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Tuesday, Dec. 21, 2010
Low-cost carriers elbowing their way into Japan's skies
By MIZUHO AOKI
2010 was a landmark year for Japan's aviation industry: The government inked an open skies accord with the U.S. in October to further liberalize their civil aviation markets, and during the same month Tokyo's Haneda airport opened a new international terminal.
The bar was also lowered for foreign airlines to fly to domestic airports, including low-cost carriers that have the potential to alter the landscape of the nation's aviation industry, analysts say.
Following are basic questions and answers about budget carriers and their expected impact on Japan's aviation market.
What defines a low-cost carrier?
A low-cost airline would generally be one that offers cheaper airfare than mainstay rivals, probably because of lower overhead, and in many cases only has economy class seating. It would also presumably provide fewer in-flight services and sell tickets directly.
Low-cost carriers have also been known to offer flights at greater frequency, keep a simple inventory of same-model aircraft for maintenance and pilot qualification purposes, and focus on medium- and short-haul flights.
Not providing free meals and beverages, or entertainment systems or blankets, and being only economy class translates into more crowded cabins.
But low-cost carriers' actual business models vary. Malaysia-based AirAsia X offers long-haul flights. Others cater more to business passengers, and some do offer in-flight services.
South Korea's Air Busan offers free in-flight meals and drinks, including beer, for flights between Osaka and Busan, said Shinichi Minakuchi, supervisor at the airline's Osaka office.
How many foreign budget carriers currently serve Japanese airports?
Six overseas low-cost carriers currently fly regularly to and from Japanese airports, according to the transport ministry.
Australia's Jet Star was the first overseas no-frills carrier to launch services in Japan, at Kansai International Airport in 2008.
Other low-cost carriers include Jeju Air and Air Busan from South Korea, Philippine-based Cebu Pacific Air, Singapore's Jet Star Asia and AirAsia X.
Last July, China's Spring Airlines began offering charter flights connecting Ibaraki Airport and Shanghai Pudong International Airport.
South Korea's Jin Air Co., an affiliate of Korean Air, has applied with the transport ministry to fly to Kansai airport next March.
But the schedule has not been finalized yet, so it is still subject to change, the ministry said.
How cheap are low-cost carriers?
Although prices vary, they are said to be 20 to 70 percent cheaper than those of full-service carriers.
For example, the cheapest price for Air Busan's regular round-trip tickets between Kansai International Airport and Busan airport until the end of February is ¥16,000 (excluding taxes). The carrier, however, is also running a discount campaign, offering ¥9,900 round-trip airfare for 10 percent of its seat capacity.
Spring Airlines boasts ¥4,000 one-way flights (excluding taxes) from Ibaraki Airport and Shanghai's Pudong Airport, although this price is reportedly set for only about 10 percent of seats on a single flight.
How do budget airlines rate in terms of safety?
They pose no greater risk than other airlines, according to Fumiaki Isono, of Mitsubishi Research Institute.
"As long as a carrier uses the latest airplanes and has a decent business model like AirAsia X, then there is no difference (in the safety) between low-cost carriers and legacy carriers," Isono said.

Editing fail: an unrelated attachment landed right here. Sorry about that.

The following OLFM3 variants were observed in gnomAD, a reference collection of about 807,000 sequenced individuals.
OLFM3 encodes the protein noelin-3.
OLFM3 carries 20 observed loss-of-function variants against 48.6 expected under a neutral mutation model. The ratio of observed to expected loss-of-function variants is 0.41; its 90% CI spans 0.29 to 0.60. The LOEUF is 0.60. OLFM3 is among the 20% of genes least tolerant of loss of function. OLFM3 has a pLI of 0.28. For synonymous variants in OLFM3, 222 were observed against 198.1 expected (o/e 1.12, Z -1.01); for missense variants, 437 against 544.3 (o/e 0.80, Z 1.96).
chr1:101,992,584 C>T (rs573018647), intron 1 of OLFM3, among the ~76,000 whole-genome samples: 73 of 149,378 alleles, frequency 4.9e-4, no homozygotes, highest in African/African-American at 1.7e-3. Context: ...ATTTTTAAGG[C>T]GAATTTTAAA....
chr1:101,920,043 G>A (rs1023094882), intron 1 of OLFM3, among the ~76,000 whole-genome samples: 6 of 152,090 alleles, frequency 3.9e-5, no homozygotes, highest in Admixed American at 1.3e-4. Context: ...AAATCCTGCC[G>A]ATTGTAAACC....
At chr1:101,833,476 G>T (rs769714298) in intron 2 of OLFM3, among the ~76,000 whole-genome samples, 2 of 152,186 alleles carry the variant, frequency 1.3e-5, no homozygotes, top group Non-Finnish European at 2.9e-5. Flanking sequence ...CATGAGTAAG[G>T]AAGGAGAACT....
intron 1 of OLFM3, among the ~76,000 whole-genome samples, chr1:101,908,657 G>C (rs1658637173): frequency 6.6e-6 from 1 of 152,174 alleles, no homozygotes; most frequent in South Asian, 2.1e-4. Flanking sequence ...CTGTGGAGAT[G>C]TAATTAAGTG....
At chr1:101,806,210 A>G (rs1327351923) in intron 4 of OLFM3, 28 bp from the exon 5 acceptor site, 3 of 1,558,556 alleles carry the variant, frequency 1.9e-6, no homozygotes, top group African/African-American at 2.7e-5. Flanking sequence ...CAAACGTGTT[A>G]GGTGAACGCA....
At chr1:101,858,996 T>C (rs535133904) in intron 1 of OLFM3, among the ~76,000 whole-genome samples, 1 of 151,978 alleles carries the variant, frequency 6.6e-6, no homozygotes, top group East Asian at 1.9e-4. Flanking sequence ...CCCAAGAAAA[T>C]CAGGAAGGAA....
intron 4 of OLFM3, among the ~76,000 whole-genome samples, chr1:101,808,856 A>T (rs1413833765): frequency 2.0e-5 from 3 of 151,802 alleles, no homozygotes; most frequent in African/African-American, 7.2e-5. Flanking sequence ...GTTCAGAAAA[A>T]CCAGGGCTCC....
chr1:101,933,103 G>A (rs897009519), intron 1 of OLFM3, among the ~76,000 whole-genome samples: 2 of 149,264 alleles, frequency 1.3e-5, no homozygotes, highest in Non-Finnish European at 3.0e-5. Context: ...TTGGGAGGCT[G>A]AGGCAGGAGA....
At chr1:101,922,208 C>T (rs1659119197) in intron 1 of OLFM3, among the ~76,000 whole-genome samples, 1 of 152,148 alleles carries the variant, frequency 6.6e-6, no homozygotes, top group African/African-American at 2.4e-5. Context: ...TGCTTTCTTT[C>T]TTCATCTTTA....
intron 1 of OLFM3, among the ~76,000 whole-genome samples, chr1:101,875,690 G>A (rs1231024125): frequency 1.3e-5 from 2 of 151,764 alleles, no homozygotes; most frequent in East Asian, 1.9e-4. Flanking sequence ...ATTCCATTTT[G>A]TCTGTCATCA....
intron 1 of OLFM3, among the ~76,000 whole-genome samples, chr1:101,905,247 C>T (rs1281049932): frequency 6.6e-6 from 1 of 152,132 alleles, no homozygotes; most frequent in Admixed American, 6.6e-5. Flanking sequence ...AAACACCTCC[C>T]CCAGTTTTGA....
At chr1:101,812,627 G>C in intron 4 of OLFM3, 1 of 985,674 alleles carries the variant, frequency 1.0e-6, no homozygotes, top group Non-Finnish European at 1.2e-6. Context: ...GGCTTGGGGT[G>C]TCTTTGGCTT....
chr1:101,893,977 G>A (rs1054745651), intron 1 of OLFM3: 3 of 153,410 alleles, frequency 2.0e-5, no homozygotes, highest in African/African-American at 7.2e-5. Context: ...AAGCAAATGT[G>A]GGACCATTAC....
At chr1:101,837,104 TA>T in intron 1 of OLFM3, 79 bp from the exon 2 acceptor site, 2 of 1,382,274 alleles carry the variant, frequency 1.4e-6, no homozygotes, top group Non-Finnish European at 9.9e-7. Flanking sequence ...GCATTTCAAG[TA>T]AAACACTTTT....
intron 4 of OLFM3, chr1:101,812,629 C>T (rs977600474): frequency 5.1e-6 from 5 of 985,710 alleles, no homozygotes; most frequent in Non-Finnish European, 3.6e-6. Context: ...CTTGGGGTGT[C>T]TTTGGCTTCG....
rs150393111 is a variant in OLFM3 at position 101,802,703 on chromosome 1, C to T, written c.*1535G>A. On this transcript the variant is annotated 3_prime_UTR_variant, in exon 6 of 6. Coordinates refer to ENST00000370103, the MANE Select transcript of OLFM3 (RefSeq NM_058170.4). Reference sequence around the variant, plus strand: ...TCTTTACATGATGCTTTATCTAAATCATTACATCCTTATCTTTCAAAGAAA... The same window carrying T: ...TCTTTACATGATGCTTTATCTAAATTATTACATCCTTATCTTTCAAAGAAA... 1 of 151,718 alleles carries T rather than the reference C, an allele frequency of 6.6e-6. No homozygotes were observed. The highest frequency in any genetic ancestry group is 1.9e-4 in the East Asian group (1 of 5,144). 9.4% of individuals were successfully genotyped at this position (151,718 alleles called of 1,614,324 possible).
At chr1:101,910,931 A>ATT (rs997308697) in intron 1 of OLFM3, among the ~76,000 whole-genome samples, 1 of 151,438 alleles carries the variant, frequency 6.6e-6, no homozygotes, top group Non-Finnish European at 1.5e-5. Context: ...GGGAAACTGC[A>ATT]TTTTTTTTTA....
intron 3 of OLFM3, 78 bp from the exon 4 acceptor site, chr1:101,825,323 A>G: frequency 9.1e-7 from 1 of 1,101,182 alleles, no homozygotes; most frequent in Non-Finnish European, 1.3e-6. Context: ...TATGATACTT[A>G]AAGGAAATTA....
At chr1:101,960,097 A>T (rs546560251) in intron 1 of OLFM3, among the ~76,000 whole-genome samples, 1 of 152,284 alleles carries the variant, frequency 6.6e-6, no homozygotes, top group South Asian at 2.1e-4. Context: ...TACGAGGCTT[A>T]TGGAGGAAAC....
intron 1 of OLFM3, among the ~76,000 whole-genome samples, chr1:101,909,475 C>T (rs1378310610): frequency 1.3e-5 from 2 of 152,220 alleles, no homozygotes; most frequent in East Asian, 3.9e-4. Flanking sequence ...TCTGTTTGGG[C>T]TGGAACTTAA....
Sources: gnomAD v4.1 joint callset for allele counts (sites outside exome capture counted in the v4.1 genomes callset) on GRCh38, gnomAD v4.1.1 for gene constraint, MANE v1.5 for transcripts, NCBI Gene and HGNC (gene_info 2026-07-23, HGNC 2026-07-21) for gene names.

However, people need to be careful if a budget airline cuts corners by using aging aircraft and skimps on maintenance fees, he added.
Is there a Japanese budget carrier?
Skymark Airlines is often referred to as a low-cost carrier.
The airline currently operates only domestic flights, but plans to expand its service to international flights in fiscal 2014, according to the carrier. Candidate destinations include London, New York and Frankfurt.
For the expansion, Skymark is planning to purchase Airbus A380s, the world's largest passenger plane. A purchase agreement with Airbus is expected to be concluded sometime next spring.
Also, ANA is scheduled to establish a new low-cost carrier in January by teaming up with Hong Kong-based First Eastern Investment Group, according to ANA President Shinichiro Ito.
Flight operations are expected to start in the second half of fiscal 2011.
Then there's Japan Airlines, which in January filed for bankruptcy. It, too, has entertained the notion of engaging in budget flights, but no decision has been made to date.
What's the impact of no-frills carriers on the nation's aviation industry?
It is a threat to Japanese carriers, analysts say.
"To put it simply, it has a negative impact on Japanese carriers in terms of revenues. When looking at overseas markets, a certain percentage of passengers have shifted from legacy carriers to low-cost carriers," Mitsubishi Research Institute's Isono said.
But on the other hand, if budget carriers bring more people to Japan, demand will undoubtedly increase, he said.
According to "Airline Haisen" ("A Lost Battle of Airlines") penned by aviation analyst Kazuki Sugiura, some 150 low-cost carriers operate worldwide and their shares of seat supply in the aviation market as of 2009 was 34 percent in Europe, 28 percent in the U.S. and 16 percent in Asia.
Are budget carriers going to take root here?
Isono thinks they will, but only for international flights.
Considering the stagnant economy, demand for cheaper flights will increase, he said.
Narita International Airport and Kansai airport are reportedly considering building new terminals specifically for budget carriers.
However, as for domestic flights, it is unlikely to change for a while because of strict regulations that set the bar high for new low-cost carriers to enter the domestic market, Isono said.